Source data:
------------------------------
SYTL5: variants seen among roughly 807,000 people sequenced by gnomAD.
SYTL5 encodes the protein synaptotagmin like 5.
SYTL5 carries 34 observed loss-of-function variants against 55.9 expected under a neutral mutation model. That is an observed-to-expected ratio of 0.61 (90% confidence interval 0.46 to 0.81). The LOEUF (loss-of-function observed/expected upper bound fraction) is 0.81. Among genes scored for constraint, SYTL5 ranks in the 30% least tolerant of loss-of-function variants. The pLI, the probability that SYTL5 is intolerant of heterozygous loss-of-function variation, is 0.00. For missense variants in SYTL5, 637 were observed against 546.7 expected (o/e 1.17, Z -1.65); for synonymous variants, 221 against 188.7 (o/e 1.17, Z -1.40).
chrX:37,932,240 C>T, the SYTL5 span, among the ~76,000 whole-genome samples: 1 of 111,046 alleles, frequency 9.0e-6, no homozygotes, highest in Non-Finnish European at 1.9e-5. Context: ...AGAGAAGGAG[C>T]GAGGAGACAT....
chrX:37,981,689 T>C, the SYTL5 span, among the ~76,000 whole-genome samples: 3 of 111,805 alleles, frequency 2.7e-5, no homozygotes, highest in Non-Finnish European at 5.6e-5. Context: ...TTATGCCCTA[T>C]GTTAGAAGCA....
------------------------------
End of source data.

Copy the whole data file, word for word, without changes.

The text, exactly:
SYTL5: variants seen among roughly 807,000 people sequenced by gnomAD.
SYTL5 encodes the protein synaptotagmin like 5.
SYTL5 carries 34 observed loss-of-function variants against 55.9 expected under a neutral mutation model. That is an observed-to-expected ratio of 0.61 (90% confidence interval 0.46 to 0.81). The LOEUF (loss-of-function observed/expected upper bound fraction) is 0.81. Among genes scored for constraint, SYTL5 ranks in the 30% least tolerant of loss-of-function variants. The pLI, the probability that SYTL5 is intolerant of heterozygous loss-of-function variation, is 0.00. For missense variants in SYTL5, 637 were observed against 546.7 expected (o/e 1.17, Z -1.65); for synonymous variants, 221 against 188.7 (o/e 1.17, Z -1.40).
chrX:37,932,240 C>T, the SYTL5 span, among the ~76,000 whole-genome samples: 1 of 111,046 alleles, frequency 9.0e-6, no homozygotes, highest in Non-Finnish European at 1.9e-5. Context: ...AGAGAAGGAG[C>T]GAGGAGACAT....
chrX:37,981,689 T>C, the SYTL5 span, among the ~76,000 whole-genome samples: 3 of 111,805 alleles, frequency 2.7e-5, no homozygotes, highest in Non-Finnish European at 5.6e-5. Context: ...TTATGCCCTA[T>C]GTTAGAAGCA....